Ever since the deregulation of the employment in the mid-1990s, the disparity between regular and non-regular employment in Japan has become a social problem. Professor Jun Imai from the Faculty of Human Sciences undertakes research on the status inequality of Japanese workers while comparing the structure of employment in Japan with other countries.
When I was working in a bank after graduating from university, I felt a sense of discomfort. “Why is everyone working so hard?” They accept relocations when told to do so, and follow without question when ordered to do overtime or transfer to another department.
How did this working style and career path come about? Japan’s employment and labor management practices are said to have characteristics different from other countries, but how were they formed? Hoping to find the answers to these questions, I entered graduate school.
When I first started my research, I targeted regular workers. Now, my main research theme is the inequality between employment statuses. Disparities are found in all developed countries, but it is especially obvious in Japan and does not disappear even after the implementation of the policy measures. I tried to understand why.
Wage system that differs significantly by country
Wage system differs significantly by country. In Japan, wage levels are different for each company. Although labor unions are the entities that negotiate wages, Japan’s labor unions are formed for each company, and negotiations are carried out for the regular workers employed by the respective companies.
Therefore, between major corporations and small and medium enterprises, wages differ vastly even though job areas are similar. It is difficult to establish job-based wages.
On the other hand, in Germany for example, wages are determined based on occupation. Labor unions are formed by occupation, and the basic position of, let’s say, a lathe operator is the same in all companies, regardless of size. This is because there is a labor union for lathe operators which negotiates wages with employers.
This is not limited only to wages. Companies also affect the identities of Japan’s workers. Various living and economic conditions are set at the company level. Although Japan has a National Health Insurance system that covers all citizens, major corporations have their own health insurance systems. This is the same for the pension system, with major corporations establishing more substantial systems.
Given that various livelihood and lifecourse risks are covered by companies, a society is formed around companies that are the unit of social status. In contrast, health insurance and pension are determined by occupation in Germany and occupations take root as part of one’s identity.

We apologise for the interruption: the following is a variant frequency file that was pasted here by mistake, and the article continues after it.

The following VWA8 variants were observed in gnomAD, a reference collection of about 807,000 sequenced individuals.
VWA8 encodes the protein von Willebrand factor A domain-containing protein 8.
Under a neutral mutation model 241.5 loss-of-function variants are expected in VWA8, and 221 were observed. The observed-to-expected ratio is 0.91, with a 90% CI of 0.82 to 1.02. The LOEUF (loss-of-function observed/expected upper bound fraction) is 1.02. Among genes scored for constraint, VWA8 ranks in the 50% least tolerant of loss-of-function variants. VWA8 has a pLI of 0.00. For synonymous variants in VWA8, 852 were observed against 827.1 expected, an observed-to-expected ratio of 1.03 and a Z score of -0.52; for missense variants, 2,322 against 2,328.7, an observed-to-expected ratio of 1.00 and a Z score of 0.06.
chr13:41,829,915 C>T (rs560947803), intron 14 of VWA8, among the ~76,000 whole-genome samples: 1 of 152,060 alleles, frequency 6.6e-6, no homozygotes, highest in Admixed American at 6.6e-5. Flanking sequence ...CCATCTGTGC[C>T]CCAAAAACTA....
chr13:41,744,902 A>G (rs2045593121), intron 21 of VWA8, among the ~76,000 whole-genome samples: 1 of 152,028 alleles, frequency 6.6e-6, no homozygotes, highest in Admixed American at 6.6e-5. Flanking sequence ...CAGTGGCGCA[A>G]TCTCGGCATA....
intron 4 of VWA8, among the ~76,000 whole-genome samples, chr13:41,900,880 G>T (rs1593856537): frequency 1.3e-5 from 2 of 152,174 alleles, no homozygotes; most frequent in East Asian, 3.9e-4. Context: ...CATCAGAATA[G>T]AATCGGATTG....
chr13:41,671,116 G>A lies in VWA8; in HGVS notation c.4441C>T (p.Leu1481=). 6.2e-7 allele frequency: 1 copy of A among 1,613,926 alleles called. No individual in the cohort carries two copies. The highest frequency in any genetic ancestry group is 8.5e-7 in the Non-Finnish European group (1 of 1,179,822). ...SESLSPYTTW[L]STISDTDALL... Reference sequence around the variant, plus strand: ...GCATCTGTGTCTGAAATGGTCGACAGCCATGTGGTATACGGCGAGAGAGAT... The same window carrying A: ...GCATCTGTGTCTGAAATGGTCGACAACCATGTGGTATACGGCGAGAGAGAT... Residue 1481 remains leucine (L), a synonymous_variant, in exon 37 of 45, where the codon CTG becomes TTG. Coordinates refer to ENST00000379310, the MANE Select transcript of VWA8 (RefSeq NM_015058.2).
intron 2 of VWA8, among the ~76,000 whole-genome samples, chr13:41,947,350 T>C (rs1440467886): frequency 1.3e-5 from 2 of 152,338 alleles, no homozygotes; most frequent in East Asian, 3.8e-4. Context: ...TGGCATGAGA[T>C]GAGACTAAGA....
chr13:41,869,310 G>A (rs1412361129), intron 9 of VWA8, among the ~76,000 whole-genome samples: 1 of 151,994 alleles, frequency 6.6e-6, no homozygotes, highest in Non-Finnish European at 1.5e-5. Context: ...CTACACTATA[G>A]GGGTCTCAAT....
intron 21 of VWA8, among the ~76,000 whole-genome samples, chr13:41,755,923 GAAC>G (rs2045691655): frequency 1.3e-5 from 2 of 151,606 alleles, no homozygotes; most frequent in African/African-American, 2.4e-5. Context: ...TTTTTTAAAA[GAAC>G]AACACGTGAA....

The reform of regular workers’ working style is necessary to bring about change in Japan
Non-regular workers are those who are not within the framework of a corporate-centered society. In Germany, given that wages are determined by occupation, it is easy to align hourly wage for both full-time and part-time workers. On the other hand, in Japan, even if the equal pay for equal work is being advocated, wages are not aligned as they are determined by each company.
While discussions are taking place at the Ministry of Health, Labour and Welfare, the resulting revision of the labor laws did not achieve equality between employment statuses. Ironically, it just formalized the differences of statuses between regular and non-regular employment. Today, the inequality is legitimate backed by the law.
The best way for better treatment is to become a regular employee. This means to accept demands from the company, such as overtime work and relocations. At the same time, there are many people who can only choose part-time employment or to be full-time employees with limitations due to family and other circumstances.
It is difficult to achieve true equality in Japan without fundamentally changing the working styles of people in regular employment and concepts centered on such employment. I will use my experiences of viewing Japan from overseas to continue advocating to achieve equality and fairness in Japanese employment.
In the future, I hope to further clarify Japan’s characteristics by comparing with the frameworks and concepts of employment relations in even more countries.
The book I recommend
“Daraku Ron” (Discourse on Decadence)
by Ango Sakaguchi, Shinchosha
I read this book several times since I was in graduate school. This book encourages to question common sense that is given and to find meaning of life by oneself. There are parts that are in sync with my profession, especially research.
Department of Sociology
Faculty of Human Sciences
Graduated from the Division of Social Sciences, College of Liberal Arts, International Christian University and worked at Sumitomo Bank for four years. Obtained his Ph.D. in Sociology from the State University of New York at Stony Brook. Took on several positions—such as post-doctorate research position in sociology at the University of Duisburg-Essen’s Institute for East Asian Studies, assistant professor at Tohoku University’s Graduate School of Arts and Letters, and associate professor at Hokkaido University’s Graduate School of Letters—before assuming his current position in 2018.
- Department of Sociology
Interviewed: June 2022